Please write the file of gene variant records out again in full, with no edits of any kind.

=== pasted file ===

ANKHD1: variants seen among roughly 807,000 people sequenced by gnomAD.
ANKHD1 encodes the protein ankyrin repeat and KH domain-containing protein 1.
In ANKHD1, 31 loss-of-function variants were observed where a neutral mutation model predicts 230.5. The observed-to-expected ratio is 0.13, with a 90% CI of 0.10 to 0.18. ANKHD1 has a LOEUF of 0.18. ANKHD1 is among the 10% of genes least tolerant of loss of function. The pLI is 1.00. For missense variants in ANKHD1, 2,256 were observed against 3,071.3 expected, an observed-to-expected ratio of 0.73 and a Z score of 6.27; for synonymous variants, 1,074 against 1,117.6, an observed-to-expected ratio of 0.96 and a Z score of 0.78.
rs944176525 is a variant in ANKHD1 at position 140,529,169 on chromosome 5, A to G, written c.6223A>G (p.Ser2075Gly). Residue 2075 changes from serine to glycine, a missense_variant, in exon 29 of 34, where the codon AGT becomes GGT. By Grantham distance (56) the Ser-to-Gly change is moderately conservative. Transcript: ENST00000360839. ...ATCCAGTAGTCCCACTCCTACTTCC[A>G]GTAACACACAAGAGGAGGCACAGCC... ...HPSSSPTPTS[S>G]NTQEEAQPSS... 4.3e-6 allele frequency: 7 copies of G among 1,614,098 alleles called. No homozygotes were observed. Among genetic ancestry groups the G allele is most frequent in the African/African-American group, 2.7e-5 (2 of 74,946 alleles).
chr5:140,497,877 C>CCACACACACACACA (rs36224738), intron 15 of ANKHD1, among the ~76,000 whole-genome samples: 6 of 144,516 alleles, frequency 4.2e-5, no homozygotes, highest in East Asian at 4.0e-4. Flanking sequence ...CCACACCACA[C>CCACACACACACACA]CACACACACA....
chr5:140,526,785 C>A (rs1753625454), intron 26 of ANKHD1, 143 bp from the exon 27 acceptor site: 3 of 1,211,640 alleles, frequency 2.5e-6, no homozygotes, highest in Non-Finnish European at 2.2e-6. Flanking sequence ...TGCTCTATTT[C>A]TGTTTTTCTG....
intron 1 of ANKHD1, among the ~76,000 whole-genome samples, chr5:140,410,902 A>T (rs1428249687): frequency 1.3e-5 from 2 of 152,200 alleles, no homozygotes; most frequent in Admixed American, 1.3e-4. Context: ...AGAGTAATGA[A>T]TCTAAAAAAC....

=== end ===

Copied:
ANKHD1: variants seen among roughly 807,000 people sequenced by gnomAD.
ANKHD1 encodes the protein ankyrin repeat and KH domain-containing protein 1.
In ANKHD1, 31 loss-of-function variants were observed where a neutral mutation model predicts 230.5. The observed-to-expected ratio is 0.13, with a 90% CI of 0.10 to 0.18. ANKHD1 has a LOEUF of 0.18. ANKHD1 is among the 10% of genes least tolerant of loss of function. The pLI is 1.00. For missense variants in ANKHD1, 2,256 were observed against 3,071.3 expected, an observed-to-expected ratio of 0.73 and a Z score of 6.27; for synonymous variants, 1,074 against 1,117.6, an observed-to-expected ratio of 0.96 and a Z score of 0.78.
rs944176525 is a variant in ANKHD1 at position 140,529,169 on chromosome 5, A to G, written c.6223A>G (p.Ser2075Gly). Residue 2075 changes from serine to glycine, a missense_variant, in exon 29 of 34, where the codon AGT becomes GGT. By Grantham distance (56) the Ser-to-Gly change is moderately conservative. Transcript: ENST00000360839. ...ATCCAGTAGTCCCACTCCTACTTCC[A>G]GTAACACACAAGAGGAGGCACAGCC... ...HPSSSPTPTS[S>G]NTQEEAQPSS... 4.3e-6 allele frequency: 7 copies of G among 1,614,098 alleles called. No homozygotes were observed. Among genetic ancestry groups the G allele is most frequent in the African/African-American group, 2.7e-5 (2 of 74,946 alleles).
chr5:140,497,877 C>CCACACACACACACA (rs36224738), intron 15 of ANKHD1, among the ~76,000 whole-genome samples: 6 of 144,516 alleles, frequency 4.2e-5, no homozygotes, highest in East Asian at 4.0e-4. Flanking sequence ...CCACACCACA[C>CCACACACACACACA]CACACACACA....
chr5:140,526,785 C>A (rs1753625454), intron 26 of ANKHD1, 143 bp from the exon 27 acceptor site: 3 of 1,211,640 alleles, frequency 2.5e-6, no homozygotes, highest in Non-Finnish European at 2.2e-6. Flanking sequence ...TGCTCTATTT[C>A]TGTTTTTCTG....
intron 1 of ANKHD1, among the ~76,000 whole-genome samples, chr5:140,410,902 A>T (rs1428249687): frequency 1.3e-5 from 2 of 152,200 alleles, no homozygotes; most frequent in Admixed American, 1.3e-4. Context: ...AGAGTAATGA[A>T]TCTAAAAAAC....